Re-connecting with two friends at an On the Table event in 2015 helped community activist Laura Morgan pursue a new strategy in her campaign to stop the violence and dysfunction in her South Side neighborhood.
[pullquote]On the Table shows educator a way to stem youth violence, build social-emotional learning in south side schools[/pullquote]
Morgan—a retired educator, and a leader in a number of civic organizations and campaigns in and around South Shore, where she has lived for more than 40 years—is an enthusiastic supporter of “Social Emotional Learning,” an educational and social toolkit that helps children learn to be more mindful, in control of themselves and attuned to the needs of others. The Illinois State Board of Education has endorsed SEL, but actual programs are scarce in the schools.
Morgan thinks SEL might hold the key to turning around the prospects for young people in neighborhoods like hers, where gun violence and gang activity have become commonplace.
Morgan herself organized the On the Table lunch she attended last year, at a South Shore senior citizen residence. Two of the people she invited were former schoolteachers she knew from volunteering in the area. Shortly after that event, the two started a new organization they called the Seventh Ward Community Partners Education Committee, and they invited Morgan to form a sub-committee for the promotion of SEL.
Using her new official platform, Morgan sought funding to develop a program that would deploy SEL-trained facilitators in five South Side schools to train teachers and parents. She has applied for one large grant and if that one doesn’t come through, she’ll keep applying until she’s successful, Morgan says.
“We have to learn to talk to one another,” she says.
Retired nutritionist, professor and community leader Laura Morgan hosted an On the Table lunch at a senior center in her South Shore neighborhood. The event reconnected her with two old friends who share her passion for education; she now chairs a subcommittee of their organization to implement social-emotional learning in neighborhood schools.
Morgan chose the Kingston Place senior residence for her On the Table lunch because it was a comfortable setting for community members to meet. Morgan, a nutritionist and retired home economics professor in the community college system in Chicago, served baked chicken, mashed potatoes, green beans, rolls, peach cobbler and iced tea to about 20 people.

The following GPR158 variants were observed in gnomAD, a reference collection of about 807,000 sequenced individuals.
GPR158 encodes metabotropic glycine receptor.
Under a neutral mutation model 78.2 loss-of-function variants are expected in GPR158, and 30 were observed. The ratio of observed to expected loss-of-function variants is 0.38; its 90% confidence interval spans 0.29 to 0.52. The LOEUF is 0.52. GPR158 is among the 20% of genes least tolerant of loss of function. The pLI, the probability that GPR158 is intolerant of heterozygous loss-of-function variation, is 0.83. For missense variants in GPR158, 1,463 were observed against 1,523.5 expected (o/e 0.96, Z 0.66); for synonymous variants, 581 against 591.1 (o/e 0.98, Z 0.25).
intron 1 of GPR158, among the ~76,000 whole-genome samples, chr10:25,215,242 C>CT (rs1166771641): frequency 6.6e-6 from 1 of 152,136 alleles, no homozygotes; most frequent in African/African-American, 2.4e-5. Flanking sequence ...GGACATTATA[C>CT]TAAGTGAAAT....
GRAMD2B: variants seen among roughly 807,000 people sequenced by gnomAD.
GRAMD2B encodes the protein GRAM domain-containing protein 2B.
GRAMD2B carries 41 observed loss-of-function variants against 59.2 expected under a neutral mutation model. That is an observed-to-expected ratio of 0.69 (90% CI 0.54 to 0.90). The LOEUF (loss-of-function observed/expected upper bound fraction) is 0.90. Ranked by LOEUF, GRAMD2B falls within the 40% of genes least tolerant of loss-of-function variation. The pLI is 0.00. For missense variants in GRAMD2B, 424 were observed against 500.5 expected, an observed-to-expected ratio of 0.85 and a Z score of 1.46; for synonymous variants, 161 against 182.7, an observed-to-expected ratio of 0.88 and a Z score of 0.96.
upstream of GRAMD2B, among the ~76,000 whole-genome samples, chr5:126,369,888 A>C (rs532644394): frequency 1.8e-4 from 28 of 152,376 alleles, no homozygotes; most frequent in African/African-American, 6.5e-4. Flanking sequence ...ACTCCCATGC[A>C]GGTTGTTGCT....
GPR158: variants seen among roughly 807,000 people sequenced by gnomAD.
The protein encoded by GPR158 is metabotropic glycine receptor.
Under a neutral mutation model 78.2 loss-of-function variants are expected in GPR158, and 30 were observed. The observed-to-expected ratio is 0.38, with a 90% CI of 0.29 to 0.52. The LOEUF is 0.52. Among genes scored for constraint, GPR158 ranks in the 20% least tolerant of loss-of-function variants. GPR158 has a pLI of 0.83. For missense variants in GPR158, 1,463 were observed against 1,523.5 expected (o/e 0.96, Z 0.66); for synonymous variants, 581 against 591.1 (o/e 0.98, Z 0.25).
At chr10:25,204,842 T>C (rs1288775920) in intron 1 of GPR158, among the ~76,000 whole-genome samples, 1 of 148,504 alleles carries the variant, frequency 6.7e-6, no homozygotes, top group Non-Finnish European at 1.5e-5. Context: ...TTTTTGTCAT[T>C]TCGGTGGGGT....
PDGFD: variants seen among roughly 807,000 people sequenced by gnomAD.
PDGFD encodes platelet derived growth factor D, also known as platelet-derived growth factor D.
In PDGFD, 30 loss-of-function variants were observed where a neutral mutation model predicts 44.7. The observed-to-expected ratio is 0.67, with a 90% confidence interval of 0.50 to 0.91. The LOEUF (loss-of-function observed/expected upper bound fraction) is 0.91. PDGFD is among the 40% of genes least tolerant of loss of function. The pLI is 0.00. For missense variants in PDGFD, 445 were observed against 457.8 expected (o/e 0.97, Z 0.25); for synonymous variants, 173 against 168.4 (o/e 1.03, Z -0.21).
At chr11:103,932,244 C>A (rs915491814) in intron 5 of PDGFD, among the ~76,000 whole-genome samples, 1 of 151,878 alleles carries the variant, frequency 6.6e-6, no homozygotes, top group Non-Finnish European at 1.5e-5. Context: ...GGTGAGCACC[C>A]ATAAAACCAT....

“I was looking for a place that was big enough for the group, with a garden and a lot of glass, where I could bring food. I wanted people to feel like they were away from home, but homey,” she says.
Morgan actually dipped into the SEL toolkit for the interactive approach she took to the event, called the “World Café” method. She was gratified to see that it seemed to put attendees at ease.
“The premise is that no one is talked down to, that everyone feels a part of the process, that they are listened to and made to feel that their message has been heard,” Morgan says.
About half the participants were seniors who lived at Kingston Place, and the other half came from the neighborhood. The agenda centered on general community concerns.
Morgan was interested to hear the seniors in attendance talk about “how they raised their kids, versus how kids are being raised now. They talked about how there is a lack of respect for seniors that was not there back in the day. Seniors want to be respected for what they did for the communities themselves.”
The conversations at On the Table got Morgan thinking about the interconnectedness of all the parts of her community. She says what she learned there “will help me as I work with young families. SEL is training adults and children on life skills.”
Morgan is planning to host an On the Table lunch again this May, and she’ll be bringing it back to Kingston Place. And this year, the event will be “all about the seniors.”